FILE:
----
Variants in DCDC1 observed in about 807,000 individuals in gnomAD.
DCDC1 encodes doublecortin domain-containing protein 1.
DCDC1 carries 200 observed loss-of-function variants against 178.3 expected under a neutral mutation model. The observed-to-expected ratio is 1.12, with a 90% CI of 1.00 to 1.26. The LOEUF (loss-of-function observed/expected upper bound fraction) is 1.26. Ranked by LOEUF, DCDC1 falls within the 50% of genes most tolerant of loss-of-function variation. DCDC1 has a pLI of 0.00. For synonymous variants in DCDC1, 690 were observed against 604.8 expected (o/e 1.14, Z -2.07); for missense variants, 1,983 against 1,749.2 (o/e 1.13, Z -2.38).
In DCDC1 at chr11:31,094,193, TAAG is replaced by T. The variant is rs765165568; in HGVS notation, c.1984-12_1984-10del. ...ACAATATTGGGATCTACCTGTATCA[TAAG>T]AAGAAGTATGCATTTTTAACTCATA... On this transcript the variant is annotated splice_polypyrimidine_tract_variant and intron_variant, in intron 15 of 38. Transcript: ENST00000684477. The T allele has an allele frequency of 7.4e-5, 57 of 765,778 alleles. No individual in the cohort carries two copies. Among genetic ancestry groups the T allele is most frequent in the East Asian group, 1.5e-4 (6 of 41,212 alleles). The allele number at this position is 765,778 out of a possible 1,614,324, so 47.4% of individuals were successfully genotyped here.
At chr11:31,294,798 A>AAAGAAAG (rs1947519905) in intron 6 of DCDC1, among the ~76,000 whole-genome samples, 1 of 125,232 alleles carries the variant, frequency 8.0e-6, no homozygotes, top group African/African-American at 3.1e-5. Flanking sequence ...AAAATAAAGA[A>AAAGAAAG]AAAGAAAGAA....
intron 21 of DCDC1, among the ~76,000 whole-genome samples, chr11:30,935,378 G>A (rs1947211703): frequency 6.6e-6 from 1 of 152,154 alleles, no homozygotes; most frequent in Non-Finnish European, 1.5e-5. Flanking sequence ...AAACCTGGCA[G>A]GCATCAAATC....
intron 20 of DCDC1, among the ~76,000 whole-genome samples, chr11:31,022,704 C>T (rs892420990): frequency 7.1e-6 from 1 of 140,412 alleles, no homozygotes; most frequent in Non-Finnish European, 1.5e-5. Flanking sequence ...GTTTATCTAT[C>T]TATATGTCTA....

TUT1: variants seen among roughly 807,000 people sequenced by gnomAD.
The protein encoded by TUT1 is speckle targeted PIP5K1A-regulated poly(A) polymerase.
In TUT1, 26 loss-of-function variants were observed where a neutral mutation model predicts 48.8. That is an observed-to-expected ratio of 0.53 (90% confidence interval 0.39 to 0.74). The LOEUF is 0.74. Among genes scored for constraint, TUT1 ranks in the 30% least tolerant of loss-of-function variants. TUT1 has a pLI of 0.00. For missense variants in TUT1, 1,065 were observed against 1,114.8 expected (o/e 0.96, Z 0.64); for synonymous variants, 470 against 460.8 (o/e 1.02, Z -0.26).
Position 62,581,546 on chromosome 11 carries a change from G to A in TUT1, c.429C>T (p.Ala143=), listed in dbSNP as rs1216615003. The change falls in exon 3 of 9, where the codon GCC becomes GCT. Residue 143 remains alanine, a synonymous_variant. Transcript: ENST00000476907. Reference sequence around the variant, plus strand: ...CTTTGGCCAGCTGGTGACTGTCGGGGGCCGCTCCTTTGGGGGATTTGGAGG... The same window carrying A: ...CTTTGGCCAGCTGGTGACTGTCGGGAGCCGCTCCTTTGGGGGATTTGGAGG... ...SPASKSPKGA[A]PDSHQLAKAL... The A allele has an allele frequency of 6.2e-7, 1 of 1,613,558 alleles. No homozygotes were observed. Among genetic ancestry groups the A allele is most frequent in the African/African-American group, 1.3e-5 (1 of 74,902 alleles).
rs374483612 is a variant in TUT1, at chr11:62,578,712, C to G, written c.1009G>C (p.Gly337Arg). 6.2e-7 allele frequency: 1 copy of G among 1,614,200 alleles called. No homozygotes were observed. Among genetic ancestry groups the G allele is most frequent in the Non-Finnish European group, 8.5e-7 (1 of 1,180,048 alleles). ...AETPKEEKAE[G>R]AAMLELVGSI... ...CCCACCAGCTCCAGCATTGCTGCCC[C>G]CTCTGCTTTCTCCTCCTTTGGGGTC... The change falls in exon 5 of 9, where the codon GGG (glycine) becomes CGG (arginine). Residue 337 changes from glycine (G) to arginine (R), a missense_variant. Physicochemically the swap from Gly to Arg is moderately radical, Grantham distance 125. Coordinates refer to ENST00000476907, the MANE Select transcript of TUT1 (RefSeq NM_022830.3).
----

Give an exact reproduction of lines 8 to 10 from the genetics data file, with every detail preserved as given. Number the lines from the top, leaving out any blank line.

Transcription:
TUT1: variants seen among roughly 807,000 people sequenced by gnomAD.
The protein encoded by TUT1 is speckle targeted PIP5K1A-regulated poly(A) polymerase.
In TUT1, 26 loss-of-function variants were observed where a neutral mutation model predicts 48.8. That is an observed-to-expected ratio of 0.53 (90% confidence interval 0.39 to 0.74). The LOEUF is 0.74. Among genes scored for constraint, TUT1 ranks in the 30% least tolerant of loss-of-function variants. TUT1 has a pLI of 0.00. For missense variants in TUT1, 1,065 were observed against 1,114.8 expected (o/e 0.96, Z 0.64); for synonymous variants, 470 against 460.8 (o/e 1.02, Z -0.26).